An Evening of Traditional Music

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Royal Conservatoire Scotland
5th December 2018

Back at the beautiful Ledger Room in early December, there was a great sense of welcome at the Royal Conservatoire Scotland. The title anticipated an enjoyable show: “An evening of traditional music” to be given by students from all four years of the programme. All of whom performed songs that were both covers and songs written by traditional composers; odes with both serious and frivolous content and all on the theme of traditional Celtic (Irish & Scottish) folk music.

It was the sheer variety of this performance that really held it apart from other musical gatherings of the classic traditional kind. And the refreshing youth at its heart did nothing but refresh us as we sat in our plush red seats. The set was prepped for up to 8 or 9 players who, apart from the piano carried their own instruments on stage each time. There were violins, bagpipes, piano, guitar and, as a constant throughout, a harp. With each instrument being used to the fullest extent, the evening proceeded with high exuberance and brilliance from every performer. Having a new group on stage for every song only enhanced the sense of entertainment and made the evening fly by.

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Woven through the established works, the students also performed their own pieces as they had been set tasks to in turn create their own songs; they had come up with something quite serious such as crime stories or death, with a melody to fit into the music to give an exact focus of how to celebrate these stories in turn. The music swelled from traditional dance tunes that had your feet tapping, and only fell just short of getting you up out of your chair to dance, now faster now slower as song by song we welcomed the performers to the stage in ever changing tempo and mood.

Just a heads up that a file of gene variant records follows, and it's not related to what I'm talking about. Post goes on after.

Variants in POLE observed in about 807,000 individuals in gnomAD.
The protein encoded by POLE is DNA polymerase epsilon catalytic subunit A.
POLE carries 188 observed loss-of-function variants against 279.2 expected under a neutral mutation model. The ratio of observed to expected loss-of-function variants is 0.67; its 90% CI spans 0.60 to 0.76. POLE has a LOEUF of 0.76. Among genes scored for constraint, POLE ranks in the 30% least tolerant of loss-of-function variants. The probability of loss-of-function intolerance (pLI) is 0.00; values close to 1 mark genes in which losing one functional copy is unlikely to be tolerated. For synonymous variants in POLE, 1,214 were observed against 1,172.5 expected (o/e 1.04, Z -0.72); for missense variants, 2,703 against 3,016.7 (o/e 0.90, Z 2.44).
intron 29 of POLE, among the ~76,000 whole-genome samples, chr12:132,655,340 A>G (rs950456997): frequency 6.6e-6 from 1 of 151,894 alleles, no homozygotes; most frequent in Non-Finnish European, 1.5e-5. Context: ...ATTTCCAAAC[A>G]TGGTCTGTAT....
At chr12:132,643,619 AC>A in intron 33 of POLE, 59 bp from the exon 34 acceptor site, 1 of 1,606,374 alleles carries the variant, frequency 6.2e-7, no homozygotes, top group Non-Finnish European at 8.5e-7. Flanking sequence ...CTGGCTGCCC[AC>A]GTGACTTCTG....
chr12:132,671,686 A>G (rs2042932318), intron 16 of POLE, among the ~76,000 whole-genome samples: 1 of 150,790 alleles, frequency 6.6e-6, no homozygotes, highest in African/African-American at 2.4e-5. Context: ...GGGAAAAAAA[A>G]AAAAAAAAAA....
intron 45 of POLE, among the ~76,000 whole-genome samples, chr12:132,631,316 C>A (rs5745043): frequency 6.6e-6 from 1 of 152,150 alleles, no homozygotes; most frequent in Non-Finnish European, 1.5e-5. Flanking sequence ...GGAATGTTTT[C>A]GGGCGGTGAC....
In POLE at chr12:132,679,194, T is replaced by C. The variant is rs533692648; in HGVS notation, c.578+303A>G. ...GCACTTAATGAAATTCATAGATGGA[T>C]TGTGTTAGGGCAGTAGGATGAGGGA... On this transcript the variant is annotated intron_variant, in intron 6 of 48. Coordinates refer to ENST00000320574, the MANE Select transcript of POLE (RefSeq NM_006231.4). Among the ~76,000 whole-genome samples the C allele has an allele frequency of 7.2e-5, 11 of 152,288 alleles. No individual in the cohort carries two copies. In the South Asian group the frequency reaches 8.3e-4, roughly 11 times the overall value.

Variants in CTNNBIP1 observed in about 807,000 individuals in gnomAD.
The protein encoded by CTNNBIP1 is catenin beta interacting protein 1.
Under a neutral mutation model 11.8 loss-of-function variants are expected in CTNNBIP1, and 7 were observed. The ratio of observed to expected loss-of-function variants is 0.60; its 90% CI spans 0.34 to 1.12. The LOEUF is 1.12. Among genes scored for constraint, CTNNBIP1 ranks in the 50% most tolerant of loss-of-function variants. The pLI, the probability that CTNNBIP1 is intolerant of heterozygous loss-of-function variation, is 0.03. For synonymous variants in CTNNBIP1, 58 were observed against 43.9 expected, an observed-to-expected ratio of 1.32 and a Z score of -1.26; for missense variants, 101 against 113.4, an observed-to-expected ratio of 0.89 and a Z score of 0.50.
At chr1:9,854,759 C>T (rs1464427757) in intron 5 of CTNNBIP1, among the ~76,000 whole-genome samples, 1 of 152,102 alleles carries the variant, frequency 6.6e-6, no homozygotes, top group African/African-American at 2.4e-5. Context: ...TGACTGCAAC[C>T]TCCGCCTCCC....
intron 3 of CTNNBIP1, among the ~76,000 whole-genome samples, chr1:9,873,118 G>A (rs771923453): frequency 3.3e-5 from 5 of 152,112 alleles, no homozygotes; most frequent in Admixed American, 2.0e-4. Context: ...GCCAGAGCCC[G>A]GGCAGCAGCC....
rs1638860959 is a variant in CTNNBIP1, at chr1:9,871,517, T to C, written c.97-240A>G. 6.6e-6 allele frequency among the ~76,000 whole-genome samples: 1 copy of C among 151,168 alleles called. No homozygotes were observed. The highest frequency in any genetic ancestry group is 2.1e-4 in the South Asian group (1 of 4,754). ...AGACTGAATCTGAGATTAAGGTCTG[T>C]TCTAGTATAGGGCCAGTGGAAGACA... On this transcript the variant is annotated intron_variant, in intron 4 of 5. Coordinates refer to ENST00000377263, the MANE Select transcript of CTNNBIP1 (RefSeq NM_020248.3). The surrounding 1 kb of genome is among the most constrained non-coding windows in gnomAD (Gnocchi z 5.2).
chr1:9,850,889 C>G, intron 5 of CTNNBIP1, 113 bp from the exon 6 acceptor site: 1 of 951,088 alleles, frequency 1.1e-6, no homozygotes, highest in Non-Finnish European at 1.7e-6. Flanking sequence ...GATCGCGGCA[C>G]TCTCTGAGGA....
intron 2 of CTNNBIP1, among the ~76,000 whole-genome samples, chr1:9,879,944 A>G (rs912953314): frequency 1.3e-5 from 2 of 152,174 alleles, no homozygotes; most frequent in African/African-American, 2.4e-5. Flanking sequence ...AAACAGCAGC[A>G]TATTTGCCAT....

More often than not, all the instruments blended together so well that no one performer stood out. Rather everyone focused their attention on their collaborations so that together they shone. And, having said that, the direction of the scores took their turns and twists from solos of violin and the mighty bagpipes which were loudest of all and nearly blew the roof off which their spooky heart-ending dedication to the tradition of Scottish folk music. That sense of tradition grew to a great height when lyrics in Gaelic gave the music a kind of heart and soul.

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A notable feature of this evening of traditional music was the great variety of nationalities who were performing together, which served to emphasise the universality of music and the way it can dissolve boundaries. An ethos that the Conservatoire is very conscious of and proud to maintain. And as they all sat and played together you couldn’t help wondering where they would all be a year from now and what the future would bring. One can only wish them great luck and the best of things for times to come.

There is, it seems, a whole new respect for this evening’s kind of traditional music round the globe because of evenings like this and the work the Royal Conservatoire Scotland is doing. And quite right too – I don’t know anyone who doesn’t like it, what’s not to love?

Reviewer: Daniel Donnelly


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